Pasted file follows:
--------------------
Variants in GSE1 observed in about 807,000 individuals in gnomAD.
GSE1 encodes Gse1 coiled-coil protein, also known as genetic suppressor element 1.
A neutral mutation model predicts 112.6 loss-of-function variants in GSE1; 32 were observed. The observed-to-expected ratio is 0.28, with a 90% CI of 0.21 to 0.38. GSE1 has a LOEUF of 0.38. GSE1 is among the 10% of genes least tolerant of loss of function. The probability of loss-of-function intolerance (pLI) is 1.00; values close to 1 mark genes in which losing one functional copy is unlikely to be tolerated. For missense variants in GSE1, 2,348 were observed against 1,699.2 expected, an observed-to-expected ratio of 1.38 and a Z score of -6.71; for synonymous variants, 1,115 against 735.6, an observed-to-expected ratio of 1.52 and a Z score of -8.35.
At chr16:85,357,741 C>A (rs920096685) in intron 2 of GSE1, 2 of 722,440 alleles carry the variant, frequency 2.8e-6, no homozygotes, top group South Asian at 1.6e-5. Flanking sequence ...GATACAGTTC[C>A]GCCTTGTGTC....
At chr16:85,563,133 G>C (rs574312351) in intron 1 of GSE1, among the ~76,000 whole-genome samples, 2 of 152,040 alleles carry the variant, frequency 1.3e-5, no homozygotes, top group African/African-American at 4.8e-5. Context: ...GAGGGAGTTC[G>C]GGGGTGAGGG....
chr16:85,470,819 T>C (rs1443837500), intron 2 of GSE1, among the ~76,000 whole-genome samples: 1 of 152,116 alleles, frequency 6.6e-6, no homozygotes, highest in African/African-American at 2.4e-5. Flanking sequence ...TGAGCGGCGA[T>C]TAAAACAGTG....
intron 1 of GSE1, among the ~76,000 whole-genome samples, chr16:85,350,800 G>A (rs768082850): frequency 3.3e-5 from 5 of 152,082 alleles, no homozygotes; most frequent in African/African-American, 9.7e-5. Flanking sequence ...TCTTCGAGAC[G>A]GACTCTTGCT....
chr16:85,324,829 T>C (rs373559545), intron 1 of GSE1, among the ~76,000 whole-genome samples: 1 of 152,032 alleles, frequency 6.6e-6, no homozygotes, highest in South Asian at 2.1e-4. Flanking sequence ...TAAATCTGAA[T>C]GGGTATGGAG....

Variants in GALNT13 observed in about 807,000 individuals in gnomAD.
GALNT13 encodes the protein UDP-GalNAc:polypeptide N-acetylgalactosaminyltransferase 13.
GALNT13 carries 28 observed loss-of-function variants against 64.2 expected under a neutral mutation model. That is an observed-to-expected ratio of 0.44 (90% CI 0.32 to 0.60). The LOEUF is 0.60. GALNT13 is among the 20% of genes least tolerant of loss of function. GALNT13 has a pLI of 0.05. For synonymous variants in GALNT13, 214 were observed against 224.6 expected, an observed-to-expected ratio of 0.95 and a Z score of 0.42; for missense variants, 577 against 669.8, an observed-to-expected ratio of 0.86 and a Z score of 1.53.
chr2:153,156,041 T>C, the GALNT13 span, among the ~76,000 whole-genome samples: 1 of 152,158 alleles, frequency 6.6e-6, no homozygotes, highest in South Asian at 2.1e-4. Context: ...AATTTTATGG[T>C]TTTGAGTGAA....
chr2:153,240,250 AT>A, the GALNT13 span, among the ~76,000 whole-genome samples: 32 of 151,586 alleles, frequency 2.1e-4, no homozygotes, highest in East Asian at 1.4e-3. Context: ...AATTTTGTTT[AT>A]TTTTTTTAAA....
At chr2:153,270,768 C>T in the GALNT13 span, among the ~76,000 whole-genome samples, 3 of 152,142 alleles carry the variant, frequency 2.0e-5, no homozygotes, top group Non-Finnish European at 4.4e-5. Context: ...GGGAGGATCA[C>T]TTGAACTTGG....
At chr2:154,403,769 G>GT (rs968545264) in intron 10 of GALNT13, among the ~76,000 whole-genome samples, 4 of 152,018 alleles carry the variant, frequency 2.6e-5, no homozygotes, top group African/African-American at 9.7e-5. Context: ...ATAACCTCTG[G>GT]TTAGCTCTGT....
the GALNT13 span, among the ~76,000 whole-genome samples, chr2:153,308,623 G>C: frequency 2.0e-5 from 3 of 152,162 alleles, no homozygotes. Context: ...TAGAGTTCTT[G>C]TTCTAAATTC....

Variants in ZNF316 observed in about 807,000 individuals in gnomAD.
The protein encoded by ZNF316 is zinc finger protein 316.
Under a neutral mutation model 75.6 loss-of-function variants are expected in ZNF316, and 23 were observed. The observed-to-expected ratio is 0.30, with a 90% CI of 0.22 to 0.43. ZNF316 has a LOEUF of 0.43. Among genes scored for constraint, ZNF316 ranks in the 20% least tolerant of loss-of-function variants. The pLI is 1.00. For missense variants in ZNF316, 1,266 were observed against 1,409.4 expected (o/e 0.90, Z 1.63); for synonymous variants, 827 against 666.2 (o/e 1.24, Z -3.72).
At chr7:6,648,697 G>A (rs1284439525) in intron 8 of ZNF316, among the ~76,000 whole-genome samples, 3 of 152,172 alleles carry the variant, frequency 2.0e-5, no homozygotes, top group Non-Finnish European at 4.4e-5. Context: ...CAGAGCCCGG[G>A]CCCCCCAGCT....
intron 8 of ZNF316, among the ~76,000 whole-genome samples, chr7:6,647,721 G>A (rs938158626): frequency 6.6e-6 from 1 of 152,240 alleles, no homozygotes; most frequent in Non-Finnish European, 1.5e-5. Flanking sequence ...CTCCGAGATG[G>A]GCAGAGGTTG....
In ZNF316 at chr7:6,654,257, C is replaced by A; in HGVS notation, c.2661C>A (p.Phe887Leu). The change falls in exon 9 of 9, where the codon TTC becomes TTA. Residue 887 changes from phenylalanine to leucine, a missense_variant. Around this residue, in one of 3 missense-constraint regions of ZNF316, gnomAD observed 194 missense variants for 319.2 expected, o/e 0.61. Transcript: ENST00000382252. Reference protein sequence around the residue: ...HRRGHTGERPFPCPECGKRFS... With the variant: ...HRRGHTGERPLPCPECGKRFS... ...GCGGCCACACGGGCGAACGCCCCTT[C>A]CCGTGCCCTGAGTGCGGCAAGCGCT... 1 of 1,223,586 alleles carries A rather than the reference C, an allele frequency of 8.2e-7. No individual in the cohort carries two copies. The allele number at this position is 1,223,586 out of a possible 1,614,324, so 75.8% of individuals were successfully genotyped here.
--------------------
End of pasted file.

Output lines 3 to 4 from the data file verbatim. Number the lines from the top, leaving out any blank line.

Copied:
A neutral mutation model predicts 112.6 loss-of-function variants in GSE1; 32 were observed. The observed-to-expected ratio is 0.28, with a 90% CI of 0.21 to 0.38. GSE1 has a LOEUF of 0.38. GSE1 is among the 10% of genes least tolerant of loss of function. The probability of loss-of-function intolerance (pLI) is 1.00; values close to 1 mark genes in which losing one functional copy is unlikely to be tolerated. For missense variants in GSE1, 2,348 were observed against 1,699.2 expected, an observed-to-expected ratio of 1.38 and a Z score of -6.71; for synonymous variants, 1,115 against 735.6, an observed-to-expected ratio of 1.52 and a Z score of -8.35.
At chr16:85,357,741 C>A (rs920096685) in intron 2 of GSE1, 2 of 722,440 alleles carry the variant, frequency 2.8e-6, no homozygotes, top group South Asian at 1.6e-5. Flanking sequence ...GATACAGTTC[C>A]GCCTTGTGTC....